Should Your Target Market Dictate the Networking Groups You Join?
The truth is, if you choose a networking group that focuses entirely on your target market, chances are you’ll be in a group of people who are a lot like you. Sounds like a good thing, you say? Well, it’s not. A group that consists of a whole lot of people like you tends to hang out together in other settings and is likely to have a lot of the same contacts as you. This limits the size of your network, and the diversity as well. It’s good to have some people like you in your group, of course, but it’s important to have people who are not like you as well. Never assume that someone who is in a totally different industry or social group or market from you can’t possibly know anybody you’d like to meet and do business with. You never know who they know.
Even if you share a target market with many others in the group, you can’t really tell from the roster or by collecting business cards at the first meeting how effective they’ll be as referral sources. You have to be in the group a while before you begin to know who they know and how likely they are to pass along good referrals. Much of this information comes up in open networking before and after the meeting: “Tell me about some of your favorite clients. Who do you like working with and why? What kind of work do you like to do best?” It takes weeks, sometimes months, to develop the kinds of relationships that bear fruit–and until then, you never know who they know.
Groups that are built primarily on a social model tend to be homogenous. It’s simple human nature for people to cluster in groups according to age, education, income, profession, race, neighborhood, social status, religion, and so forth. Hanging out with similar people makes it easier to carry on conversations, share similar experiences, gossip, and compare notes. It does not tend to expose one to new experiences or new points of view, and it especially does not provide many opportunities to open new frontiers in business or marketing.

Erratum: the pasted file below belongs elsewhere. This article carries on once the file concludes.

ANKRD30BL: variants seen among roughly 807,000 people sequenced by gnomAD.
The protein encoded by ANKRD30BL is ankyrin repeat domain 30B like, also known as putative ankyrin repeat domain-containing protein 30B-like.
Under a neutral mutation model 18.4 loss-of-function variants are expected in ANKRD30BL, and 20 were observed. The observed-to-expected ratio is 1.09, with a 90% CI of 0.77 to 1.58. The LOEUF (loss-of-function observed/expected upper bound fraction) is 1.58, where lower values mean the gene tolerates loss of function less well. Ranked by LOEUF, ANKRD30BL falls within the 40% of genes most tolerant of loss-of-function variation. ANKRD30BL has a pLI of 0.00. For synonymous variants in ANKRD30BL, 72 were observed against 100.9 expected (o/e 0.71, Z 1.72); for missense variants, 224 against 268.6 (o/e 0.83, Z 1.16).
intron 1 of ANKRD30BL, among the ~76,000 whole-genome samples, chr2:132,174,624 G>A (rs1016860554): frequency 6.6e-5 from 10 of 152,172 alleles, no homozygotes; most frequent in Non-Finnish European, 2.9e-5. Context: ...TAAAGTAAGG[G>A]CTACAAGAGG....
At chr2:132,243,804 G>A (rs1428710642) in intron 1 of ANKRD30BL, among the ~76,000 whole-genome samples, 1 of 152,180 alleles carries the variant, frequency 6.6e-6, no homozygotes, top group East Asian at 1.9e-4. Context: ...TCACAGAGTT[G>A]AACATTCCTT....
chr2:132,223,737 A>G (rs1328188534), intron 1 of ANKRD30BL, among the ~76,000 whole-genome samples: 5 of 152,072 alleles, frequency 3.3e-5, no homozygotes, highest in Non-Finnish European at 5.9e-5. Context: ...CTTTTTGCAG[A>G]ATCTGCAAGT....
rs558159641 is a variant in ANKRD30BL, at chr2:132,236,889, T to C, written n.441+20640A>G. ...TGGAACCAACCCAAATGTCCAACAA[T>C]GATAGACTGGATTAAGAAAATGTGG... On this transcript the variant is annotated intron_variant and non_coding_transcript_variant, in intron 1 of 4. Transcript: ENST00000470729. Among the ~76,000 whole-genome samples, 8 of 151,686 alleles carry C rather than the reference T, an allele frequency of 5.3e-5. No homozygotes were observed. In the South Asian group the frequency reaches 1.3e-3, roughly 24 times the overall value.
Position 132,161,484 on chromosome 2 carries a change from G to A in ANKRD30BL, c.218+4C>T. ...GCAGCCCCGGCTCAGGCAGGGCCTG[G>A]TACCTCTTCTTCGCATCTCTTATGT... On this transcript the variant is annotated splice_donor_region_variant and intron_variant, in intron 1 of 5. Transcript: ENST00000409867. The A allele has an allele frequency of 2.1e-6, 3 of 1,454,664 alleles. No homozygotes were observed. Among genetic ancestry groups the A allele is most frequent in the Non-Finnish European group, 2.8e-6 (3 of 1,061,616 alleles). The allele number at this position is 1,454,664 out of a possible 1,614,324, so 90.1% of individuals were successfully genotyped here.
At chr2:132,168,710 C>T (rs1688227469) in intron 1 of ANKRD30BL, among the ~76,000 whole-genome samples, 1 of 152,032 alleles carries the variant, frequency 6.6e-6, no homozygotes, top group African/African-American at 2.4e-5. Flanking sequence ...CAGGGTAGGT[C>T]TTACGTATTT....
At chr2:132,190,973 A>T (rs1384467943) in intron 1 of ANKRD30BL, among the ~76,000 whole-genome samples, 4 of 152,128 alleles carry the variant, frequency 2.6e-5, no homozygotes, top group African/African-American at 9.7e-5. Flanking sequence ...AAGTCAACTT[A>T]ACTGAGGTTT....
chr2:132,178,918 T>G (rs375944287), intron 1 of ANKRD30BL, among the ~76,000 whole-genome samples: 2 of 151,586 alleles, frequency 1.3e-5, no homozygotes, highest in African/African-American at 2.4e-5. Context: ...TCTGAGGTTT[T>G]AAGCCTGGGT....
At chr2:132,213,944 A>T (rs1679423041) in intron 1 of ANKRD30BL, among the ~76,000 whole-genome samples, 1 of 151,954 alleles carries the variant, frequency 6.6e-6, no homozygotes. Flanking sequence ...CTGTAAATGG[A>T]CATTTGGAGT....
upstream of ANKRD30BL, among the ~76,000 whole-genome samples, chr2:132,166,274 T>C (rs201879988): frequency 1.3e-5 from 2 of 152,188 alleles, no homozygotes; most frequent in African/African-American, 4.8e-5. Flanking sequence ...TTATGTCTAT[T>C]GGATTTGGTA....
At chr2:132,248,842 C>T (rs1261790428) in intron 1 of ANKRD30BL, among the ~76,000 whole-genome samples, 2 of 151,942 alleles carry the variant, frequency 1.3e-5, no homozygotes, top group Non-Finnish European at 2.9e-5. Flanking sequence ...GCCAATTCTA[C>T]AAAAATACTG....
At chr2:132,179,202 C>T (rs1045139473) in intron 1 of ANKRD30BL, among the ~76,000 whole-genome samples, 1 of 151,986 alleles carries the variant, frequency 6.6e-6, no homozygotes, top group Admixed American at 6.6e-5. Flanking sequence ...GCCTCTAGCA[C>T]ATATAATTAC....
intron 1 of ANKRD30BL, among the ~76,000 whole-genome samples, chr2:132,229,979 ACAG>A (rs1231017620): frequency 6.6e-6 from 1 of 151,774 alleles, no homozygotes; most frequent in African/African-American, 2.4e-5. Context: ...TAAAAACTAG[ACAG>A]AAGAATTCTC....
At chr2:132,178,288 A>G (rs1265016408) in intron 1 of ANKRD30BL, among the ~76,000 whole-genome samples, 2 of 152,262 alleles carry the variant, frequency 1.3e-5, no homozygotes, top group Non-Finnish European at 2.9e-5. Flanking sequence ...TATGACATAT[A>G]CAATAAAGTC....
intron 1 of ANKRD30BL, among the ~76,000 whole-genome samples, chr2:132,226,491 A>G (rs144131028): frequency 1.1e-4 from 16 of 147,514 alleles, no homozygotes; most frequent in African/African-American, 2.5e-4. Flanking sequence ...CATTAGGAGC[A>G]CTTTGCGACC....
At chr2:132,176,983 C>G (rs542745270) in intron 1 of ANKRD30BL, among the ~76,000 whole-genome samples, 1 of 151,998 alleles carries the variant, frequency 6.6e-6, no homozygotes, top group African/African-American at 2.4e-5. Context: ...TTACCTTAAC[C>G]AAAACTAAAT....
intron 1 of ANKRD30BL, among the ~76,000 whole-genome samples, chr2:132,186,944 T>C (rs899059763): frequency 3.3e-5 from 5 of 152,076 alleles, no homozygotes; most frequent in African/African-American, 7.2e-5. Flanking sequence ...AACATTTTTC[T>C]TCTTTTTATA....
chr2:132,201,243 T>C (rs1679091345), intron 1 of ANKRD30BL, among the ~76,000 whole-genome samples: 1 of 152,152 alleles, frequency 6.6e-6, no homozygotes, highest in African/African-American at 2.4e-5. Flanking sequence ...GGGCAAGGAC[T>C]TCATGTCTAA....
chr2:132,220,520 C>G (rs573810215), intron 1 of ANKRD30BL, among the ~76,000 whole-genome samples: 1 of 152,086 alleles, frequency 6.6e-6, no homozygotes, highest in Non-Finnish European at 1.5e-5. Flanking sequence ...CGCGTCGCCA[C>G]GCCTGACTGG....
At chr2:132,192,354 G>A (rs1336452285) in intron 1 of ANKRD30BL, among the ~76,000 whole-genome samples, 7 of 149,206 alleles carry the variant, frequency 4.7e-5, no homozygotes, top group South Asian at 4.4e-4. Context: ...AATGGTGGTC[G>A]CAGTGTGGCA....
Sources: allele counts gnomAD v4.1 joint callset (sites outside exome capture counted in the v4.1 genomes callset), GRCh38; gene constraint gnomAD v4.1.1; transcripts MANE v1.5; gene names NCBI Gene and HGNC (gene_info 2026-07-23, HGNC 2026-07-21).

I’ve run across many people over the years who want to form business-to-business networks. They think, I’m after this market, so therefore I need people just like me all around me. So who do they get? They get people who are just like themselves. This includes people in businesses that are much like their own and who may not want to share their databases with others. It includes some people who have the same kinds of contacts, sometimes even the exact same individuals. Forming a group with such similar people for the purpose of generating referrals is usually a big mistake. (Telling people it’s a mistake is a little like telling a boxer, “Lean into the punch!” It’s counterintuitive. Most people don’t believe it until you explain why.)
Never assume that someone who is in a totally different industry or social group or market from you can’t possibly know anybody you’d like to meet and do business with. You never know who they know.
Networks tend to form naturally among clusters of people who are like each other and who know each other to varying degrees. Your friends tend to be friends with one another. However, if you want a powerful network, you obviously want different contacts and different kinds of contacts. Diversity is key in a referral group, and not only in the classic sense of diversity–race, gender, religion, ethnicity–but diversity in types of businesses. We’ve run into people who didn’t want to join a referral network because there was a painting contractor in the group who came to the meeting wearing overalls. But in fact, painting contractors often have great contacts. You never know whose houses they are painting or what kind of connections they’ve made.